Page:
I get to try out the coolest things, but only because people know I will try to put it through as much as possible. Miles. Time. Ruts… When The Dirty Kanza crew approached me with the chance to ride a Lauf fork for the DK 200 in 2017 I was totally in. They wouldn’t lead me astray. There must be a reason why Dirty Kanza was behind these forks and it was my job to find out why.
The Salsa carbon Warbird has been my ride for the past year, previously I had ridden the aluminum Warbird, a Trek Boone, and possibly a Kona. Either way I have ridden similar bikes with all sorts of frame material and components. The Warbird has become the one for me. The bike itself does work to keep me chatter free, add in an Ergon seatpost and I am pretty happy as it is. Would it be possible to be more comfortable? Installing the Lauf will hopefully be a comfortable change that will stick
I have been using a 38c tire on gravel for the past 3 years. I don’t like using anything smaller, and luckily the Lauf was fine with that, fitting up to a 42c tire. Beyond that the fork wouldn’t change the bike too much. The rake of the Lauf fork is said to maintain the steering characteristics even though it’s a little bit longer. The Lauf has 30mm of travel. Visually I think the Lauf fork looks weird, and didn’t flow with the Warbird. Getting over the aesthetic I was excited to see just how comfortable I could get.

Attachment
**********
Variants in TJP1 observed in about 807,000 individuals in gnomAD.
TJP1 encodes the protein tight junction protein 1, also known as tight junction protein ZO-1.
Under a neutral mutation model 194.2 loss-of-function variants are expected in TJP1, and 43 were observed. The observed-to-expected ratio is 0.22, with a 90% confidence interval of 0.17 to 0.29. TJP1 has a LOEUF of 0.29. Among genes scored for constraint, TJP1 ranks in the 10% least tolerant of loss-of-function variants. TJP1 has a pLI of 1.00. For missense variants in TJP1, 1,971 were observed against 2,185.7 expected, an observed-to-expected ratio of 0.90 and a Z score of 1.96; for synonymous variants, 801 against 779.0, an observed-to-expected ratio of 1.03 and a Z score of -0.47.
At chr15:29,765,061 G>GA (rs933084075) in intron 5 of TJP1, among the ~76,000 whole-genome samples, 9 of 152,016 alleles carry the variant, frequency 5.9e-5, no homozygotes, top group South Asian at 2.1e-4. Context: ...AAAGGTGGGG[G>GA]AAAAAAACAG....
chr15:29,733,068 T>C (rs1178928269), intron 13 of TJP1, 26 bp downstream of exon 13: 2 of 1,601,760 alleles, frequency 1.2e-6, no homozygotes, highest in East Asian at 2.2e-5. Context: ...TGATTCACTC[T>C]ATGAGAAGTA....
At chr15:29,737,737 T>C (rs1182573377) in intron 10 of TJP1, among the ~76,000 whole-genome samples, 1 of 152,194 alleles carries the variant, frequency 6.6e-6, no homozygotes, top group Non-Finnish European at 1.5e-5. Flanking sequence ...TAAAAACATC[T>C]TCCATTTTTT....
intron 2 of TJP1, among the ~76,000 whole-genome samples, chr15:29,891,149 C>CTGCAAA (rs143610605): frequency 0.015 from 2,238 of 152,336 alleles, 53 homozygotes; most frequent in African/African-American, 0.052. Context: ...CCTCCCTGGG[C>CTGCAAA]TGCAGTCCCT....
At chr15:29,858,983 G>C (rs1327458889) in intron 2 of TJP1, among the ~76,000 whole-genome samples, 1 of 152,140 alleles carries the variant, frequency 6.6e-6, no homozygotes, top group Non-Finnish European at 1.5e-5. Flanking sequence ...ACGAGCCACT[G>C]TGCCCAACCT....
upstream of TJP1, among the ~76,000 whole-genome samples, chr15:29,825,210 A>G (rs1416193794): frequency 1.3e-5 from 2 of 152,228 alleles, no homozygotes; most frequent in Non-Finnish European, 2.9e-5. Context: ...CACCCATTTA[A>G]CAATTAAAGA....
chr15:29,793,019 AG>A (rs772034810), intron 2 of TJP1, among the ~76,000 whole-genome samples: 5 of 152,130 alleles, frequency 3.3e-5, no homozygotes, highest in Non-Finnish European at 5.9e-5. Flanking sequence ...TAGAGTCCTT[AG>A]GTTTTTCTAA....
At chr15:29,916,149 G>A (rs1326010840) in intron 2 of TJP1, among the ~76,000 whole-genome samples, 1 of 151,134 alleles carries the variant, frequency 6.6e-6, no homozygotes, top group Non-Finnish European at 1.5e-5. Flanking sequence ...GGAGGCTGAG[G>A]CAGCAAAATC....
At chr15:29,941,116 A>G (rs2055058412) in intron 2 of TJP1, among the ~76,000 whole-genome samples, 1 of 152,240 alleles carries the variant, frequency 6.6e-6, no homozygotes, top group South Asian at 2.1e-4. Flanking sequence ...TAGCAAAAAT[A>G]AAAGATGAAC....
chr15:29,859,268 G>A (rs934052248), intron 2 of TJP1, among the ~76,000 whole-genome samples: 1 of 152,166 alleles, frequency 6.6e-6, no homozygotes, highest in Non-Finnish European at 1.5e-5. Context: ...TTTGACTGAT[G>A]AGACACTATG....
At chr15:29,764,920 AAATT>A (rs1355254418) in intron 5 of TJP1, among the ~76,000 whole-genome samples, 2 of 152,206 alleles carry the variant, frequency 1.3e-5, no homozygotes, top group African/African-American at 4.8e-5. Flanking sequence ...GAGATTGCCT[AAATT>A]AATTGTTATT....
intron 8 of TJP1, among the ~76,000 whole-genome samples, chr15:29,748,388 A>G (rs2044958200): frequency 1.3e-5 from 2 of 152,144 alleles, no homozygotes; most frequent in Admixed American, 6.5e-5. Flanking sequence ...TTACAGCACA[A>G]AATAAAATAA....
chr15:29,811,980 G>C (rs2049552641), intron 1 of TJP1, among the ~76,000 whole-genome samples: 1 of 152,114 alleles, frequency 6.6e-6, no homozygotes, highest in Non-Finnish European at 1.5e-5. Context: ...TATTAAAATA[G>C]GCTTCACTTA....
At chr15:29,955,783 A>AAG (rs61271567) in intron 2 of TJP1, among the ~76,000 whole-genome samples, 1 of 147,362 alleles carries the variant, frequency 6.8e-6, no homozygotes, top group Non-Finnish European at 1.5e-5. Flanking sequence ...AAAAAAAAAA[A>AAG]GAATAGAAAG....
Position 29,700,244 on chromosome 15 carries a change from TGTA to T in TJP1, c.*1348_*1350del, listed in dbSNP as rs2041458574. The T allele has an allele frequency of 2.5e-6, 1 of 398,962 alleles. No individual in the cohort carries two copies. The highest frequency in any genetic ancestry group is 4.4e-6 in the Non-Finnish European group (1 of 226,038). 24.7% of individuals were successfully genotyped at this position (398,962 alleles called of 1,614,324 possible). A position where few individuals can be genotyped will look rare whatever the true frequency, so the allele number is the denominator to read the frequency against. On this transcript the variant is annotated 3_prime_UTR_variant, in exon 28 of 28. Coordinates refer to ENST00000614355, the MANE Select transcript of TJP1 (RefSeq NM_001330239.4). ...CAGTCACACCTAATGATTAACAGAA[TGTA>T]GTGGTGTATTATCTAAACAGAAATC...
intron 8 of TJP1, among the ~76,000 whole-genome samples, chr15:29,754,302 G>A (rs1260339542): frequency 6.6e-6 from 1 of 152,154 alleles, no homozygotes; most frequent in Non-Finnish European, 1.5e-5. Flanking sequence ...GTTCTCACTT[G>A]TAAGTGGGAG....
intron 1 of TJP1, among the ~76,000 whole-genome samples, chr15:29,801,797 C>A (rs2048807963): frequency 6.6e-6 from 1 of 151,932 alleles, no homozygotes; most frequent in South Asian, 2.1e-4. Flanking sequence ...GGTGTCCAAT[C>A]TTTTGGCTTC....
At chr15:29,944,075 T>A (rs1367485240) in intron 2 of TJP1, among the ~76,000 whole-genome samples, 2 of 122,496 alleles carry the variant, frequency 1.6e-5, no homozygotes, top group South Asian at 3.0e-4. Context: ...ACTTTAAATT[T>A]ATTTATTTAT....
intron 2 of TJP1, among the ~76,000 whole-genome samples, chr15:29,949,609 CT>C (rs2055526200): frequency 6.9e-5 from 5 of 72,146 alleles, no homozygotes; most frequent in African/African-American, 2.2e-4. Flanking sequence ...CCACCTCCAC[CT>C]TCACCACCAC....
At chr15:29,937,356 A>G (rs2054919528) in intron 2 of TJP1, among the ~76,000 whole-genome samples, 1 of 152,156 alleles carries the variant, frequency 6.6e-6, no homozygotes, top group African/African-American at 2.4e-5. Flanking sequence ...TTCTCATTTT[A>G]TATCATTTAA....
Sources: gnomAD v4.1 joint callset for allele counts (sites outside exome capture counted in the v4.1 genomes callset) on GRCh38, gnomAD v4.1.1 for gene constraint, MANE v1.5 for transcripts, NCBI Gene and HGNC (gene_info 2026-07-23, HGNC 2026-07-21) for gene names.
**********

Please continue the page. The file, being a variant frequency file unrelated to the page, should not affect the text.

Besides the changes to the bike I think my body will welcome the new fork. There is a lot of work that goes into making a bike comfortable when starting to attempt long distances on gravel. All of the contact points need to be thought out. Dialing in my saddle, chamois, shoes, pedals, gloves, handlebars...you get the idea. Having about 5 years of experience I have picked out the gear that works for me. Changing up a large component on my gravel bike never seemed like a necessity. Swapping a fork takes time, new brake adaptors, and possibly headset.
Finally ready to ride. The first ride I spent most of my time testing the Lauf. Standing up on hills, turning through messy gravel, and trying to ride with no hands. The differences were expected, but nothing was so drastic that I couldn’t adapt after some more rides. My only big concern is navigating tricky ruts and b-roads. Other than that after swapping out a major frame part the changes seems minor and only positive. My first big ride will be Landrun 100, notorious for being a muddy and tricky course. The first test will be probably be one of the hardest and I cannot wait to push this fork to its limits!